- 7. parsimoniously described by twelve variables (transformed appropriately). We define the state variable vector X as the following: consumption (CBM), investment(CPB), industrial production (IP), changes in manufacturing inventory (MIM), changes in retail inventory (TRIT), manufacturing inventory/sales ratio (MR 1), retail inventory/sales ratio (TSRR), urban CPI (PCU), total employment (LE), 3-month Treasury Bill interest rate (FTB3M), and M2 monetary aggregate (FM2). We choose the control variable u as the Fed Funds rate (FFED). New construction is used as a proxy for investment. The data are of monthly frequency, and the sample period considered is January, 1981 through December, 1995. The variable names are listed in Table 1 and following transformations were made: log levels of CBM, CPB, IP, LE, FM2 and PCU; log differences ofMIM, and TRIT; MR1, TSRR, FTB3M, and, FFED were untransformed. First-differencing and deflation of data The objective of the forecasting model is to track variables that may be changing over time. Despite evidence of unit roots in all variables except MR1, TSRR and 3-month T-Bill rate (FTB3M), detrending ofdata via first differencing or filtering was not deemed necessary for tracking purposes.4 Inventory datawas differenced for two reasons: first, because change in inventory is a component of Gross Domestic Product (GDP) and second, because including first-differences in inventories (instead of levels) appeared to improve the model’s ability to capture turning points in the business cycle. Nominal values were used for all variables along with the consumer price index as one of the state variables to observe the effect of changes in fed funds rate on inflation. ~The existence of a trend does not adversely impact the performance of tracking algorithms. Results of unit root tests are not reported here but are available. 6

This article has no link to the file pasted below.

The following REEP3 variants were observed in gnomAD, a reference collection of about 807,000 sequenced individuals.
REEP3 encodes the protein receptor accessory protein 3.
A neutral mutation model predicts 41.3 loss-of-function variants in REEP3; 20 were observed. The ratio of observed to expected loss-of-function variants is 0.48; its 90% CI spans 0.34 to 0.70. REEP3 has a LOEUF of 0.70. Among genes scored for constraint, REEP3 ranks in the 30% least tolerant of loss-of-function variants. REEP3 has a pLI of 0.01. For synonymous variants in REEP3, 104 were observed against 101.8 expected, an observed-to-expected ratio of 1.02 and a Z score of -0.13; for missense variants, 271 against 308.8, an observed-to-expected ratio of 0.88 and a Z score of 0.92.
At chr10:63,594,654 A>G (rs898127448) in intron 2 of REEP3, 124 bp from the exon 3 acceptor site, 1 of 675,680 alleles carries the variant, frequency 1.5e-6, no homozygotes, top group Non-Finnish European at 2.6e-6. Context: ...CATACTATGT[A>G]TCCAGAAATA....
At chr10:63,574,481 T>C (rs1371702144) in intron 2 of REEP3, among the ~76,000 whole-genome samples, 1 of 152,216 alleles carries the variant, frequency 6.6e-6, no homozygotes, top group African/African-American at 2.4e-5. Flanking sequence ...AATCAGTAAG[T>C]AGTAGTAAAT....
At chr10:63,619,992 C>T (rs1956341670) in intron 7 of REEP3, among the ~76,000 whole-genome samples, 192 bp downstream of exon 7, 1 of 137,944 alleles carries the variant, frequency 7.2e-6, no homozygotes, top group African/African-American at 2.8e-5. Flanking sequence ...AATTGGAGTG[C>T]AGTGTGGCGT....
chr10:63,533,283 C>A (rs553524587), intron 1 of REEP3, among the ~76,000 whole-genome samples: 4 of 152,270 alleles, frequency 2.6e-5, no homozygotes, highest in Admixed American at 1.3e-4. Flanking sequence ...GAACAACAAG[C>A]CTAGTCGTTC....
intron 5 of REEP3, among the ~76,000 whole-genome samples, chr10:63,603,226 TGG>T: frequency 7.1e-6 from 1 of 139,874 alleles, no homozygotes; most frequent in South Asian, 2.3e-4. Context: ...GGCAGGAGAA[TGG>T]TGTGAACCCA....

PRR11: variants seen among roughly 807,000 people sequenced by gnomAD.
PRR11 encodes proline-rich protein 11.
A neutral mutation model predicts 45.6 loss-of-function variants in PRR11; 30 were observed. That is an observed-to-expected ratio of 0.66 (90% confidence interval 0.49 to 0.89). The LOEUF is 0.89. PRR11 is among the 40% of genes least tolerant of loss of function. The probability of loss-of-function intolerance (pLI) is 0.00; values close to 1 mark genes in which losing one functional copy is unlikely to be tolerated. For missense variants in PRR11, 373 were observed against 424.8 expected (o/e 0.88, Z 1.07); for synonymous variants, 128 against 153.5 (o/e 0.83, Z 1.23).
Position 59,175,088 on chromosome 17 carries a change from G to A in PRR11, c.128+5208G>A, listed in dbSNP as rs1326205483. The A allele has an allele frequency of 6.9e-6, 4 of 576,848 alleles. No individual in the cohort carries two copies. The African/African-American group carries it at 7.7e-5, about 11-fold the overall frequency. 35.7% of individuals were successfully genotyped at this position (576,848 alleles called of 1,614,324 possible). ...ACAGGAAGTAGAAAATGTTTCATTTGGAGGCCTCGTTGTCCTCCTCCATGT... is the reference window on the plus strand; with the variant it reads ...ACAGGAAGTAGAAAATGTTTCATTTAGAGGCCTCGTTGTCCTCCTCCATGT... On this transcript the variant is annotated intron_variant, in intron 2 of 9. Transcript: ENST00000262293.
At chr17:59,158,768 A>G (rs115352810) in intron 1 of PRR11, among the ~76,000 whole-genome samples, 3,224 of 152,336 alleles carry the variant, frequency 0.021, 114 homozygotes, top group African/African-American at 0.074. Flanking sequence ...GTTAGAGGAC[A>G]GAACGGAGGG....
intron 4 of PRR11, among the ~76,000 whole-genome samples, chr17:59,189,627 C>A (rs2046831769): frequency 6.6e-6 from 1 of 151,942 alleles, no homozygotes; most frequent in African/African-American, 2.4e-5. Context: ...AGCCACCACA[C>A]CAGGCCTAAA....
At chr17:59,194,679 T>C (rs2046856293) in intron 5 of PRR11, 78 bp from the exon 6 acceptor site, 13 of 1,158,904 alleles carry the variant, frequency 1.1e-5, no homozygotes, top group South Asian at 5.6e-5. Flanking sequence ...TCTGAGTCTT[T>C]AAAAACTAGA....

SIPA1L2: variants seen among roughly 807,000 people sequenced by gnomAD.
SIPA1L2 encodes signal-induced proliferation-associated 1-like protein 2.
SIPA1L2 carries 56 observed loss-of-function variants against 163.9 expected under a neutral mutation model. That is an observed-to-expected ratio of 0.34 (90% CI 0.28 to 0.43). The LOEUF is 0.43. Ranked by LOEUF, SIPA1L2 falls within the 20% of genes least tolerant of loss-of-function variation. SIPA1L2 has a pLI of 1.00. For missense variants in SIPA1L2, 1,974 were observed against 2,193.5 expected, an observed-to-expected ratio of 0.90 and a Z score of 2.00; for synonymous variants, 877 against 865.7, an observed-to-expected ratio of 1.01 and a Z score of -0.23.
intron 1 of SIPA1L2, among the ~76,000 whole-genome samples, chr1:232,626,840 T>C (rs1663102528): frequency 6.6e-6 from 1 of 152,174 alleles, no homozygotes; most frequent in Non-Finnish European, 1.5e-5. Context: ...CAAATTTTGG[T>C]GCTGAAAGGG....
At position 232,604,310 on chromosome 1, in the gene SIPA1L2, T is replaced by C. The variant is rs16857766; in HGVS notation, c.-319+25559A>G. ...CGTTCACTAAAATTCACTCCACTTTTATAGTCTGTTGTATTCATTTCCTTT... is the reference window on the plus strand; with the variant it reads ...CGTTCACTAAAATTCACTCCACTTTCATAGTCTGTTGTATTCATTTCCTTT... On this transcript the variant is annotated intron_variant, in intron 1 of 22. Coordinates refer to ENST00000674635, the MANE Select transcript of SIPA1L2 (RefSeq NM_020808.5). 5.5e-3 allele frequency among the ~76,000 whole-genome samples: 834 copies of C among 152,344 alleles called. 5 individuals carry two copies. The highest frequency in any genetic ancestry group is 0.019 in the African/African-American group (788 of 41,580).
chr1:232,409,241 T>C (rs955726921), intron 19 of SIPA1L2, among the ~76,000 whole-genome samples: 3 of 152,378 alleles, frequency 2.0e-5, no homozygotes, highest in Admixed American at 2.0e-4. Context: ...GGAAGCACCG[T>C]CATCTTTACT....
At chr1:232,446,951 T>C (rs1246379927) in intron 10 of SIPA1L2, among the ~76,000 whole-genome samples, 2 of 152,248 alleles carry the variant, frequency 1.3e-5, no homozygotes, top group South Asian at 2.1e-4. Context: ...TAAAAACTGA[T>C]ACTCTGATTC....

- 8. Estimation Procedure The algorithm shown in equation 5 was used to estimate the coefficients for each variable individually. The right hand side variables are the one period lags of all the state variables plus the current period value of the control variable. The final period estimate ofcoefficients was assembled into the equivalent A matrix and b vector for forecasting. Choice of A, &,~,and P0 The P matrix was initialized as the identity matrix and the e ‘s were initialized as an AR(1) process with coefficient 0.8. The forgetting factor, 2., was chosen to be 0.96411. This value of the forgetting factor reduces the weight of the error after 63 months, (a period equivalent to the average length of postwar business cycles), to 10 percent. Lower values of )~, hich represent higher rates of forgetting, led to improvement in tracking but resulted in a w higher variance of the estimated e’ s over time. The model converges relatively quickly and initial values affect only the early estimates in the sample. Using VAR coefficient estimates as starting values for the parameters did no better than using unit roots as initial starts. Starting coefficients of 0.8 on an AR(l) model were chosen to avoid any biases toward a unit root. High variance on the initial P matrix, which is equivalent to a diffuse prior, resulted in higher variance of ~ exaggerated the “turning points” in the forecast. Estimates of the A matrix were and nonsingular and had stable eigenvalues with the “typical” assumptions for 2~, ~, 0. P 4. Results The model is distinguished by the recursive technique which updates past estimates of coefficients using the error in the one period ahead forecast. As a first test of the model’s performance, the one period ahead forecast of the model for each state variable was recorded 7